Man stressed while working

A high-profile or intense job can easily contribute to stress and anxiety in your life. If you calculate the hours you work, you spend more time at your job than anywhere else in your life. Therefore, if your job is stressful, it can spill over into the rest of your life.

When people feel immense bouts of pressure, it is only natural to look for ways to alleviate the stress. Many turn toward drugs, alcohol, gambling, sex, and other forms of addiction. Prescription medication is currently one of the most common forms of addiction.

Pressure to perform

The pressure to exceed goals and be the best person at your job can drive someone to abuse substances to cope with work-related stress or to perform better. The never-ending quest to impress your boss and receive that much-needed raise can be too much for some to handle. Many are left to feel worthless and not good enough for their current position.

Workplace hostility

Hostility in the workplace can be traumatizing, and trauma often leads to substance abuse problems. Anxiety and depression can result after enduring enough time in a hostile work environment as well. Workplace hostility is positively correlated to the deterioration of mental health. Forms of workplace hostility can include:

  • Sexual harassment
  • Toxic bosses
  • Inability to advance within the career
  • Discrimination
  • Poor or negative communication

How to Keep Your Job from Causing Addiction

If you are experiencing an overload of stress and are struggling to cope, seek out help. There are many options to consider when looking to combat a substance abuse addiction, including looking at your stress level and job. Here are several factors that come into play regarding the likelihood of addiction:

  • Genetics
  • Age of first substance use
  • Social atmosphere
  • Mental illnesses, and
  • Childhood and adult trauma

Cope with Challenges

Without learning proper ways to handle life’s pressures, you are more at risk of developing a substance abuse disorder. You can learn many other methods for coping with stress through a drug treatment or alcohol rehab center. There, you’ll learn about the role of mindfulness, meditation, exercise, and more highly effective, sustainable ways to manage tension and discomfort.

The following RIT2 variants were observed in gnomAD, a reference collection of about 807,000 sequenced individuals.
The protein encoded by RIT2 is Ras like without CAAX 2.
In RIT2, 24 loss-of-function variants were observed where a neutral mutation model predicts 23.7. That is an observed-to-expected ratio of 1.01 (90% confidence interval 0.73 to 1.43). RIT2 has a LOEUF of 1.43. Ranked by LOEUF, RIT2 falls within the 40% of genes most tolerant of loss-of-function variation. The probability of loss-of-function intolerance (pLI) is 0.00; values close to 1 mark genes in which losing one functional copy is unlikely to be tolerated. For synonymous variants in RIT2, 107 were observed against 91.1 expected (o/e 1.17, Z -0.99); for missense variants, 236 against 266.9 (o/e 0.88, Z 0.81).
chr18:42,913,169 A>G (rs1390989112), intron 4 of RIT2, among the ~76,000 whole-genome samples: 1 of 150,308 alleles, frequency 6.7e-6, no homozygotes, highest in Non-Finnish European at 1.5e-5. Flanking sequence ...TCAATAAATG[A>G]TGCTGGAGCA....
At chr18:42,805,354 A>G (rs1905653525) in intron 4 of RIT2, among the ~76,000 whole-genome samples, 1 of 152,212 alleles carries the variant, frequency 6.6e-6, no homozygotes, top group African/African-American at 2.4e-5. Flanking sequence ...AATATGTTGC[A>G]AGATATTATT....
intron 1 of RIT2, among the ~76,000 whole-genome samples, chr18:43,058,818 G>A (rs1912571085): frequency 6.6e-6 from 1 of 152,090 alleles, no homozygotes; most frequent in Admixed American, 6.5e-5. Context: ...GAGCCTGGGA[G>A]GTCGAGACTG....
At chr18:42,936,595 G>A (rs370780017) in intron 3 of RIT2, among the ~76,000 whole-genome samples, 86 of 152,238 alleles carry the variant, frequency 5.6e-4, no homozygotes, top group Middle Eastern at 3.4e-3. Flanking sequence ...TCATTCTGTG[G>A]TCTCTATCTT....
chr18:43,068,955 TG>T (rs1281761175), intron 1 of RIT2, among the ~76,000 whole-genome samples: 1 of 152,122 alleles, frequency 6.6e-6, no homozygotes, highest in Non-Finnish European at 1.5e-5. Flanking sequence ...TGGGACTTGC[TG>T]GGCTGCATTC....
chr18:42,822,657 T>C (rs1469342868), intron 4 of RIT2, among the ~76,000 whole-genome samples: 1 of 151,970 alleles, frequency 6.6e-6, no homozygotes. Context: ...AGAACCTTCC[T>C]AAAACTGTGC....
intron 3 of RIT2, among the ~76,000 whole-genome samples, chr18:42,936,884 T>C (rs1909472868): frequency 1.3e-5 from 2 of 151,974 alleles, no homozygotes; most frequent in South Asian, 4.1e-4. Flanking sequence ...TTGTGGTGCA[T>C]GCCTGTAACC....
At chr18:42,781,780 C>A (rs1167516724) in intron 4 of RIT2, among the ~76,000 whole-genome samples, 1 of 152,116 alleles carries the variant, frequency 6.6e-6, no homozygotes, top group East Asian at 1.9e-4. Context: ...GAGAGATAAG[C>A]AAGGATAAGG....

Strengthen Your Support System

A great way to combat stress from your job is to seek out a support system. This can consist of family, close friends, and trusted individuals in your life. You can even join a group therapy program with people who are enduring the same job situations and addiction struggles that you are experiencing. Treatment centers can give you access to these settings.

Couple walking down a hiking trail

Develop Healthy Habits

Keeping yourself healthy is another great way to ensure the stress of your job does not lead you to addiction. We know many great ways to improve your health:

  • Yoga
  • Meditation
  • Going for walks
  • New exercise program
  • Eating healthier
  • Going to sleep earlier
  • Contacting a therapist

Therapy is a wonderful way to explore alternative methods to combat stress and daily life rather than turning to drug abuse. Many offer digital options for those who prefer it. Overall, it’s important to know that without other positive coping skills and habits, you’re at an increased risk for substance use disorder if you endure workplace stressors.

It May Be Time to Ask for Help

If you feel as if you may fall into bad habits with substance use, the first step is to acknowledge you may, in fact, need help from treatment programs. If you are already struggling with addiction to ease the stress of your job, please know that you are not alone. You have options to begin your recovery journey with trusted professionals that are ready to help you.

Many rehabilitation programs exist designed with you in mind to help you through your addiction and put you back on the right path. You also have opportunities to keep your job whilst participating in your recovery journey. 

Let us help you get your life back on track! Contact us today at (844) 650-0064.